–    Can a solution be completed in-house or would a partnership be required? Granted, with enough resources, your company can go at it alone, but would a partner facilitate market entry and share the risk?

–    What is the likelihood of finding a corporate sponsor willing to fight for the solution internally? Let’s face it, only lucky product managers or geniuses get it right the first time. Anyone working on a new idea requires air cover to defend it against “resource realignments” and also to set the correct expectations with executives. No one can go at it alone.

–    Does the solution envisioned fit with my company’s strategy? Is it OK to find many small ponds for an existing product or a large pond with a new one? Can you make your idea fit with one or several existing business objectives?

–    Can the problem be solved by offering a new solution recombining existing products or services? If you fail, it is better to do it early and cheaply. A first try with existing technology can help you achieve that.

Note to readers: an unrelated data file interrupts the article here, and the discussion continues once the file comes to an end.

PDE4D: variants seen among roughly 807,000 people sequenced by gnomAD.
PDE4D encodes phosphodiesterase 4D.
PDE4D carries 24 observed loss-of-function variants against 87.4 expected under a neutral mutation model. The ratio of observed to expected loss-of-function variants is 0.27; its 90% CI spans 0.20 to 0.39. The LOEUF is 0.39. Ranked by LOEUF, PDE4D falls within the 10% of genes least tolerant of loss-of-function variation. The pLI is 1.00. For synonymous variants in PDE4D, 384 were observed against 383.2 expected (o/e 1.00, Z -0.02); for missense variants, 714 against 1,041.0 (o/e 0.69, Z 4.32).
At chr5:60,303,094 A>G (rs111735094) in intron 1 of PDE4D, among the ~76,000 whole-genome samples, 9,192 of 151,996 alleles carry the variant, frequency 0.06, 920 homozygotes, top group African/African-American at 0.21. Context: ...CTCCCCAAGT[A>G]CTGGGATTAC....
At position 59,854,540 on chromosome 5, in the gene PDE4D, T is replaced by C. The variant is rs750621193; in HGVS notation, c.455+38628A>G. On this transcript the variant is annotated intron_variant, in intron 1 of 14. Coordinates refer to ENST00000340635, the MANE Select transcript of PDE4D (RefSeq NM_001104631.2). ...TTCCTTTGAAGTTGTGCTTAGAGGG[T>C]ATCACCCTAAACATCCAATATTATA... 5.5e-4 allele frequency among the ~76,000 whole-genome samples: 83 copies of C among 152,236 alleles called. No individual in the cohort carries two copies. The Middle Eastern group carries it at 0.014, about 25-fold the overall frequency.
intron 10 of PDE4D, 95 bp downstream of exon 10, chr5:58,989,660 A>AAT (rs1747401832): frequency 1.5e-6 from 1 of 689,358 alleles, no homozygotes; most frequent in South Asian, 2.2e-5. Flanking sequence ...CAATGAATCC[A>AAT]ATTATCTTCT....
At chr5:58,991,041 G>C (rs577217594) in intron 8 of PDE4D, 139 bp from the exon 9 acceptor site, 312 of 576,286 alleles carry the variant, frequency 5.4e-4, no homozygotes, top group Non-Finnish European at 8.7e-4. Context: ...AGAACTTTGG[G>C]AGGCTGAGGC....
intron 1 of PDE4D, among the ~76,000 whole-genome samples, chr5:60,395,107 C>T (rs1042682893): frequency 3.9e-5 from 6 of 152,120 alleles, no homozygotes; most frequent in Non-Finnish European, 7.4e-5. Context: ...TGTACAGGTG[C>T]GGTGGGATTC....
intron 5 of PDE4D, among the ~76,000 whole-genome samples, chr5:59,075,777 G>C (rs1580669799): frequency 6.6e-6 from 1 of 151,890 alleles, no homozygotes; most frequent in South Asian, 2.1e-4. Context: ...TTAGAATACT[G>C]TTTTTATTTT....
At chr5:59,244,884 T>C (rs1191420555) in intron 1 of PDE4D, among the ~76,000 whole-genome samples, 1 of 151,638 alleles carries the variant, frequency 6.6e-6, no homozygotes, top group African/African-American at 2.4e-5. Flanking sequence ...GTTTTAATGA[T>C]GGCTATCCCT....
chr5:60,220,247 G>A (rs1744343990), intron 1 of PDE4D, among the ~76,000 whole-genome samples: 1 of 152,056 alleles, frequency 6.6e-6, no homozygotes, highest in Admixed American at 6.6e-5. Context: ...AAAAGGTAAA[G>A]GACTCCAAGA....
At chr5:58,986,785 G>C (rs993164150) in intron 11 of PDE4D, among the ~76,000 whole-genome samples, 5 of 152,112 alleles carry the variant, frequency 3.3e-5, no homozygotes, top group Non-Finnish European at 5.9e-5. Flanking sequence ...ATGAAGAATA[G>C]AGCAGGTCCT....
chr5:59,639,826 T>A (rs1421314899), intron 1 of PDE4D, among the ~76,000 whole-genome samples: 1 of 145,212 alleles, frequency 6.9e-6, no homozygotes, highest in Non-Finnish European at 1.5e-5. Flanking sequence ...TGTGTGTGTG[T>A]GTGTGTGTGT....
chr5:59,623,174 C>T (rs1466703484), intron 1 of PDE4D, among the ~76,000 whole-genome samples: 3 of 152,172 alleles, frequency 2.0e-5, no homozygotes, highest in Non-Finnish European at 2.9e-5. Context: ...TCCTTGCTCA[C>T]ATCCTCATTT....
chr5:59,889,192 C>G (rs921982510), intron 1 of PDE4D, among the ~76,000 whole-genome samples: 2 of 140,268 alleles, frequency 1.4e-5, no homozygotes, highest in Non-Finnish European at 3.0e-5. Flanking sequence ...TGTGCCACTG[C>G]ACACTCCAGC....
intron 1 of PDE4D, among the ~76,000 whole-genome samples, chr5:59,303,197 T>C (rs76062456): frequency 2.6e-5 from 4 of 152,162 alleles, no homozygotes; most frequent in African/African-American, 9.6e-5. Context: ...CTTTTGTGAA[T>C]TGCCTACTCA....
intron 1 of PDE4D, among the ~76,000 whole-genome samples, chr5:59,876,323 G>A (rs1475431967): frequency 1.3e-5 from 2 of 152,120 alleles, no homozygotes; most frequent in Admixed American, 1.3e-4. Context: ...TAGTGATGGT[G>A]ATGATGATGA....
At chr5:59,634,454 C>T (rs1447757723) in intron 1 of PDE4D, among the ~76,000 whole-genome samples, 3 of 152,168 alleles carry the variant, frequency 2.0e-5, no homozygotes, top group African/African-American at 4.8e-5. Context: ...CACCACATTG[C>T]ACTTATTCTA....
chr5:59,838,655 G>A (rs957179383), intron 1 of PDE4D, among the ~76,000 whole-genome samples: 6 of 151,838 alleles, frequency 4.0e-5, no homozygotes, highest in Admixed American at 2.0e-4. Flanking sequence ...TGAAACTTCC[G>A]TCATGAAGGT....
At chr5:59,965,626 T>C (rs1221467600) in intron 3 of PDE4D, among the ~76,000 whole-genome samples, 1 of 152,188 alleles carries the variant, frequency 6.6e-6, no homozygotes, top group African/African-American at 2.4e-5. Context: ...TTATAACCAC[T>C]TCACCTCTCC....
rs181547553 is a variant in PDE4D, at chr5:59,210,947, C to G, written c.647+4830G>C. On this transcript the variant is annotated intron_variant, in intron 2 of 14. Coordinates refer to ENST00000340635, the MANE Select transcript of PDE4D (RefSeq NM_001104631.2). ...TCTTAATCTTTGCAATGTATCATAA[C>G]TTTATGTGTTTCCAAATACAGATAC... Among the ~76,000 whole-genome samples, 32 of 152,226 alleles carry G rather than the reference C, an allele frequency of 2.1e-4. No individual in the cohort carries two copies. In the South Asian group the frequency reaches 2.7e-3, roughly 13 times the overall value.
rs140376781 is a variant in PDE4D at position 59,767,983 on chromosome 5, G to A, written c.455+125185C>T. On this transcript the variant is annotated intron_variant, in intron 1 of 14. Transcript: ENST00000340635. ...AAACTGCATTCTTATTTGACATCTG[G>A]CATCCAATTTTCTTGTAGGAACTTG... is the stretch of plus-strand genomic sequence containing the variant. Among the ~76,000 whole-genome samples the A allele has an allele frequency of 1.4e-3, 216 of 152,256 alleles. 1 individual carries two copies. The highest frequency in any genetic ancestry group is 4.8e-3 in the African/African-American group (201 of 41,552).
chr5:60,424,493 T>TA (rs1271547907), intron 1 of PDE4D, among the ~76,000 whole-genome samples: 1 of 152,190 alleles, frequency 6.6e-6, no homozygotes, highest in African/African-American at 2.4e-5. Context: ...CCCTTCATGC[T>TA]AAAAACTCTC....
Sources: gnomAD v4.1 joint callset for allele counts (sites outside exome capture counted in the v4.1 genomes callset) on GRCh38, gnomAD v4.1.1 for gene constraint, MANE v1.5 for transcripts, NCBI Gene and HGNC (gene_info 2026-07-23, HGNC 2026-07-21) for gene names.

–    Is a solution for this problem included in my existing product’s roadmap? If yes, do you need to reconsider the timing? If no, what should be taken off to accommodate a potential new effort?

–    What is the likelihood that my company will execute in a quality and in a timely fashion? Execution is key. What is the impact of the idea which you are considering coming to the market late or with a smaller set of benefits?

–    What would be the competition’s response to a move? Could this idea already be on any of your competitor’s radar screen? Is there another company out there who could have its eyes on the same opportunity?

This set of questions can and should be modified to your environment. Also, most of the answers are not black and white; you may need a sliding scale to account for the various shades of gray. Finally please remember Henry Ford’s famous quote: “If I’d asked my customers what they wanted, they’d have said a faster horse”.